Despite a rebound in unemployment, more than 1.3 million people in the trucking industry remain on unemployment, according to the Bureau of Labor Statistics.
At its peak, the unemployment rate in March 2020 reached 14.7% — though some estimate that the actual number could have topped 16%, as many many states were struggling to keep up with the influx of demand and some of those who were unemployed had to wait months to start receiving their unemployment benefits. As of August, 2020, the unemployment rate fell to 8.4% and the Bureau of Labor Statistics estimates that September’s rate of unemployment will fall to 7.7%.
As of August 2020, approximately 1,386,000 people in the trucking industry remained on unemployment, compared to 587,000 in August 2019.
2020 Unemployment Rates By Month
- January 2020 unemployment rate: 3.6%
- February 2020 unemployment rate: 3.5%
- March 2020 unemployment rate: 4.5%
- April 2020 unemployment rate: 14.7%
- May 2020 unemployment rate: 13.3%
- June 2020 unemployment rate: 11.2%
- July 2020 unemployment rate: 10.2%
- August 2020 unemployment rate: 8.4%
Source: Bureau of Labor Statistics
It’s unclear the number of CDL holders who remain on unemployment, as the Bureau of Labor Statistics groups all industries in categories. The transportation category accounts for a mixture of positions within the trucking industry.
With several trucking companies shutting their doors in 2020, combined with layoffs due to Covid, it’s likely to have caused an influx of need for unemployment benefits.
As freight volumes rise and unemployment remains high, trucking companies are scrambling to fill trucks to meet capacity demands.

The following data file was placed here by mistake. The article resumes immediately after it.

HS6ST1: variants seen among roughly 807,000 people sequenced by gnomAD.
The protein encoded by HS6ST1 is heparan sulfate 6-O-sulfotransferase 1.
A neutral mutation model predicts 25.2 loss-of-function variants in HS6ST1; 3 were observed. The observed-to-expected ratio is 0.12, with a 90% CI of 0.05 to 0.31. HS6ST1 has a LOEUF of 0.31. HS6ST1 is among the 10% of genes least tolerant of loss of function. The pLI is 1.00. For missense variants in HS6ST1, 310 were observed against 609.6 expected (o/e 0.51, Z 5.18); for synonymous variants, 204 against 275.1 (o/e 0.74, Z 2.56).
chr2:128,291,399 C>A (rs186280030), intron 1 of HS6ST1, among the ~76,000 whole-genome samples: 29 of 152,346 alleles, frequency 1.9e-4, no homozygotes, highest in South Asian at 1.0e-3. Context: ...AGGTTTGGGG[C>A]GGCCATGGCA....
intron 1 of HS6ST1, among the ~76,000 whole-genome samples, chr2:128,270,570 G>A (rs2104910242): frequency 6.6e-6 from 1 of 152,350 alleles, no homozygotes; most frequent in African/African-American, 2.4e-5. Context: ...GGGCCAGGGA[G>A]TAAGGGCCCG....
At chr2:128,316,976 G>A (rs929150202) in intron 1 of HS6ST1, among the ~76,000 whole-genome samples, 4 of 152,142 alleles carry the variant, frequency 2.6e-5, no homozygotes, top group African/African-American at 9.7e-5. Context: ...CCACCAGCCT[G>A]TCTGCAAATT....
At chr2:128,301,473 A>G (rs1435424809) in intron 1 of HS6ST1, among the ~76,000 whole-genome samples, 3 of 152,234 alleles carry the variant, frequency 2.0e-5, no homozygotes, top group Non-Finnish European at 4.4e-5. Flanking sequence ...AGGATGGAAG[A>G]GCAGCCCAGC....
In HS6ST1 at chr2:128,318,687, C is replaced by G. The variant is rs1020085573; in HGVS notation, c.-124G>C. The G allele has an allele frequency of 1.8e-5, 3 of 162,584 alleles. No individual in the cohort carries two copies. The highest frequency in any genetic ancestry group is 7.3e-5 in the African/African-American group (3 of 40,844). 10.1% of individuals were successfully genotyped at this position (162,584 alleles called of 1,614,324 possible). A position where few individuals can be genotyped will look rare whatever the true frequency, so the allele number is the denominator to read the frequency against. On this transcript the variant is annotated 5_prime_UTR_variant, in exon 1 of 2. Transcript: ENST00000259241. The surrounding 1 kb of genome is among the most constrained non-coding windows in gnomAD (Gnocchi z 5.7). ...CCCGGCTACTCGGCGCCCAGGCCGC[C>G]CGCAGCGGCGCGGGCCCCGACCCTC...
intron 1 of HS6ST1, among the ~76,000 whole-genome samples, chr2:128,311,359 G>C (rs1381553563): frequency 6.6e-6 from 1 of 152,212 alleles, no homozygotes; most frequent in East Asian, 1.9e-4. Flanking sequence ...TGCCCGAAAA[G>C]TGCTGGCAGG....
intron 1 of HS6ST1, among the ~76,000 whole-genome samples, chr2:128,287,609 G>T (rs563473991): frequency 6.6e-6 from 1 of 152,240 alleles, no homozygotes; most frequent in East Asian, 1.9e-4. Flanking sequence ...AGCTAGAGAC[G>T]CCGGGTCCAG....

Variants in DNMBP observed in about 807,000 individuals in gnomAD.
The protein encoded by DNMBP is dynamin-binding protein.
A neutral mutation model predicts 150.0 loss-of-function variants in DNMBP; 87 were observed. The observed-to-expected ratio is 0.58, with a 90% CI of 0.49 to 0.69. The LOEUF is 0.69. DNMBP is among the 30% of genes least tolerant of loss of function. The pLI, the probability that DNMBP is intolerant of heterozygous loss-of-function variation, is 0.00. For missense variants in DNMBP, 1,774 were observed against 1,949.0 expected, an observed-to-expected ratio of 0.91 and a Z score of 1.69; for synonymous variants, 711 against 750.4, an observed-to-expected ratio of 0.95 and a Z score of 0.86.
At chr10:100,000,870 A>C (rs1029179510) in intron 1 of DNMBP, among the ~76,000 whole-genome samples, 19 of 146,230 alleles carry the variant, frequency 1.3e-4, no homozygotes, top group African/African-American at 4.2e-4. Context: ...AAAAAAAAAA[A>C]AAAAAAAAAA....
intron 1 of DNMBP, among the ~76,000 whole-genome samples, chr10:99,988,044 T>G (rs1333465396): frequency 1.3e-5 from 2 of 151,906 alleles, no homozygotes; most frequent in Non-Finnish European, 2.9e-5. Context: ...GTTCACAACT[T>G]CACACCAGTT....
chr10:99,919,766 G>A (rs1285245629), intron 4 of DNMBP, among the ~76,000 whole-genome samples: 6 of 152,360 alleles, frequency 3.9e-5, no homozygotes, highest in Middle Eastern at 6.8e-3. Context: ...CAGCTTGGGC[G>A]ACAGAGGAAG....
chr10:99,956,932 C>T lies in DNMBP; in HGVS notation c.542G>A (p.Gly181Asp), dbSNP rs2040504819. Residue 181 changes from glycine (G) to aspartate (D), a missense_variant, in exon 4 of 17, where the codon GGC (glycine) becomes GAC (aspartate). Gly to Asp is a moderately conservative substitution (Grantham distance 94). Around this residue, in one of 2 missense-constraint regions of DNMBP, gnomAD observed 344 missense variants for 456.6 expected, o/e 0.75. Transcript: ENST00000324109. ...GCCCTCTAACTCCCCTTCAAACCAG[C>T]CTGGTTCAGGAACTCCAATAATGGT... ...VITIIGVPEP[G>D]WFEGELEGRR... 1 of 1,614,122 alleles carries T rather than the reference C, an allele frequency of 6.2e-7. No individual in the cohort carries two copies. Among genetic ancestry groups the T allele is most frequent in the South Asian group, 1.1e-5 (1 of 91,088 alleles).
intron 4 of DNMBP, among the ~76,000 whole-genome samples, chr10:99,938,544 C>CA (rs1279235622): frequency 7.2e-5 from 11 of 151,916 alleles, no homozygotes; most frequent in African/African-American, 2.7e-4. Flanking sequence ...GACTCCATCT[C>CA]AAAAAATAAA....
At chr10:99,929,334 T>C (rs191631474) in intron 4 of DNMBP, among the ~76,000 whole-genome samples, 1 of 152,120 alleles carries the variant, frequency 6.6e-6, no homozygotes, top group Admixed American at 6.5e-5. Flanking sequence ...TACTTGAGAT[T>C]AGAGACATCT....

According to a press release from US Xpress, higher driver turnover, diminishing TL capacity and “overwhelming” volumes – that drive up rates in the upcoming year.
“Each of these three themes will greatly influence trucking rates over the next four to six quarters. It’s becoming increasingly clear that high tide conditions will persist for a long while, so shippers and carriers will have to plan – and act – accordingly,” US Xpress President and CEO Eric Fuller stated.
To meet their driver needs, many trucking companies are upping their pay packages and offering generous sign-on bonuses. Just this week, Schneider announced a new pay package.
“Schneider National said Monday that team truck drivers…received a pay bump of two to four cents per mile last month. It may seem puny, but Schneider says its team drivers average 5,000 to 6,000 miles a week — so it works out to a pay increase of up to $6,240 a year per driver. That has pushed annual pay for many Schneider drivers above $90,000, the company said,” Business Insider reported.
Many experts in the industry agree, trucking companies are going to have to up the ante to fill their seats.